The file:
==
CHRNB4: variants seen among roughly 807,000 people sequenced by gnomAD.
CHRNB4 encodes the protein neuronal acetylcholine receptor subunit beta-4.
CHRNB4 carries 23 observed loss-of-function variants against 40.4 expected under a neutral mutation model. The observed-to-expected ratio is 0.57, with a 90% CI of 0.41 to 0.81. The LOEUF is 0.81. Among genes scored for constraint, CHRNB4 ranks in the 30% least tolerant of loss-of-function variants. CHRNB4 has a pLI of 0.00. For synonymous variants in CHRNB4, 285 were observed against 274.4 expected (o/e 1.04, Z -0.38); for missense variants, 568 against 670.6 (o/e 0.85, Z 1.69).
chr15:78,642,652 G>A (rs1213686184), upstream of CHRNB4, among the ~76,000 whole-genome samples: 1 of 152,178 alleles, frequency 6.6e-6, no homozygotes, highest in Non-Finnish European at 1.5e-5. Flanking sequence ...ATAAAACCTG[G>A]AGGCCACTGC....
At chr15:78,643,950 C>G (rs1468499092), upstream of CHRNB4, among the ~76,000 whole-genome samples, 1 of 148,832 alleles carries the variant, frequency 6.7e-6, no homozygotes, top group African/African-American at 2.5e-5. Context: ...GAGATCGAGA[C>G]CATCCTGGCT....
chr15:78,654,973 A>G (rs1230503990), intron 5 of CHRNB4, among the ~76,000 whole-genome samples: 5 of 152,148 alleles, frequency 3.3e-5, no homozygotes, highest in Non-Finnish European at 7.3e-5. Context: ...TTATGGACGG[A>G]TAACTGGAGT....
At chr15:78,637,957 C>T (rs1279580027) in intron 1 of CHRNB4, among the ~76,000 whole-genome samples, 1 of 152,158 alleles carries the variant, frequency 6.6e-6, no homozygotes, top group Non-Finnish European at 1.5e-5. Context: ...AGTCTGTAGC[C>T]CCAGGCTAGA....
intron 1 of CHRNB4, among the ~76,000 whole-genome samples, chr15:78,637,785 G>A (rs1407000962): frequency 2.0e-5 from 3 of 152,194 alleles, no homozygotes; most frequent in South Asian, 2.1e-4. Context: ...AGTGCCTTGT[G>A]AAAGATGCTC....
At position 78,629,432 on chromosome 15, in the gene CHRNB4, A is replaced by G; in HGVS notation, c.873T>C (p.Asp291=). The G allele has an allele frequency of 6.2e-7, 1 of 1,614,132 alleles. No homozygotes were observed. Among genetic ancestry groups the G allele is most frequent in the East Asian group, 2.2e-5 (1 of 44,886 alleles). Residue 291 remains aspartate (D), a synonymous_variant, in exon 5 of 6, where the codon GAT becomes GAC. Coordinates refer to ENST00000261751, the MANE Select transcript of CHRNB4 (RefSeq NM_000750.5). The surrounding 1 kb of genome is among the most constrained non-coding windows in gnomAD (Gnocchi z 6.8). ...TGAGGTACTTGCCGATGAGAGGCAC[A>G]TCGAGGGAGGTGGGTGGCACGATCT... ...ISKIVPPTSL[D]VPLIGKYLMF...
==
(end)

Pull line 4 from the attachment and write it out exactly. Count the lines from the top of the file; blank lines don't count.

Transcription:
chr15:78,642,652 G>A (rs1213686184), upstream of CHRNB4, among the ~76,000 whole-genome samples: 1 of 152,178 alleles, frequency 6.6e-6, no homozygotes, highest in Non-Finnish European at 1.5e-5. Flanking sequence ...ATAAAACCTG[G>A]AGGCCACTGC....